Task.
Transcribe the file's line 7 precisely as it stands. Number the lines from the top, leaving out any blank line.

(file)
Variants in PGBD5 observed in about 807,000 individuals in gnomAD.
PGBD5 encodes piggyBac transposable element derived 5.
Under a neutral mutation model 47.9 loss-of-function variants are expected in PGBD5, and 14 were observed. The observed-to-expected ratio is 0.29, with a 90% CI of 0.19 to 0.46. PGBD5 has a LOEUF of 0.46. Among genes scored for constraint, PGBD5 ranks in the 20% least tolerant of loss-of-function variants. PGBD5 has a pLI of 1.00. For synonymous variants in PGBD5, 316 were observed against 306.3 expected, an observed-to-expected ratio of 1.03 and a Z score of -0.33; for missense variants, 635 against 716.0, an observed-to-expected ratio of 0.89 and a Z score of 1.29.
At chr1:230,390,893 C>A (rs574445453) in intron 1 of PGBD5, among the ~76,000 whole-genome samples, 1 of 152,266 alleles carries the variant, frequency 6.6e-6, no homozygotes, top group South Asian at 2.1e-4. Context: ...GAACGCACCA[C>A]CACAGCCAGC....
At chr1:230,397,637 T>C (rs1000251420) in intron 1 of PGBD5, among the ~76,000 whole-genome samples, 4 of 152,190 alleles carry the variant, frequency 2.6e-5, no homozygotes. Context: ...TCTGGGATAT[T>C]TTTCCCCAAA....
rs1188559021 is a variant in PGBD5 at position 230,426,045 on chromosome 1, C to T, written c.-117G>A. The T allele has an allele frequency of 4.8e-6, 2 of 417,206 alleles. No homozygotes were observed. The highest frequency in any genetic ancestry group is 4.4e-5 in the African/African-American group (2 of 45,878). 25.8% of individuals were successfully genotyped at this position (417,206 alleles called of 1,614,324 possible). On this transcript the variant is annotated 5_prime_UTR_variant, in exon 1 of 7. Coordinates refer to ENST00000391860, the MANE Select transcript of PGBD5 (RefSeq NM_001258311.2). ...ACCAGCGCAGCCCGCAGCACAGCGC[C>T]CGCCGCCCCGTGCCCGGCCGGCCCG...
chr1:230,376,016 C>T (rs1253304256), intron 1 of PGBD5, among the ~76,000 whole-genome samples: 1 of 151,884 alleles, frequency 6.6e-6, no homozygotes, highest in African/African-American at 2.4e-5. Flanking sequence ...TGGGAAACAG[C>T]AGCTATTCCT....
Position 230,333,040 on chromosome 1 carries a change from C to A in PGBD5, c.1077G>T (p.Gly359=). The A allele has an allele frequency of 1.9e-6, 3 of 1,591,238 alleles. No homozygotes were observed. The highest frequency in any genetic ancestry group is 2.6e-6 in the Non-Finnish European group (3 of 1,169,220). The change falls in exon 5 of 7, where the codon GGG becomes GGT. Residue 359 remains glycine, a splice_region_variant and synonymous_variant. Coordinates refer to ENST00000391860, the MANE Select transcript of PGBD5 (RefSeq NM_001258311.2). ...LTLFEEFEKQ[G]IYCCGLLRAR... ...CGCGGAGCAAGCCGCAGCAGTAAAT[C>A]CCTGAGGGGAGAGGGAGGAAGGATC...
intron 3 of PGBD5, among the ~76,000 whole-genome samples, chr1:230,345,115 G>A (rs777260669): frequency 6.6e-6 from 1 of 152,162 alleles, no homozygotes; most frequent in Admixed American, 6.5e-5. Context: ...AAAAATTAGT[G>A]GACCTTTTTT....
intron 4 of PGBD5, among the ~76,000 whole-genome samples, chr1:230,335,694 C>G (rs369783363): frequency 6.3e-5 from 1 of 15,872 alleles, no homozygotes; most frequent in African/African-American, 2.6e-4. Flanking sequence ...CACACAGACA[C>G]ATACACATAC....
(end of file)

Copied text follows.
chr1:230,376,016 C>T (rs1253304256), intron 1 of PGBD5, among the ~76,000 whole-genome samples: 1 of 151,884 alleles, frequency 6.6e-6, no homozygotes, highest in African/African-American at 2.4e-5. Flanking sequence ...TGGGAAACAG[C>T]AGCTATTCCT....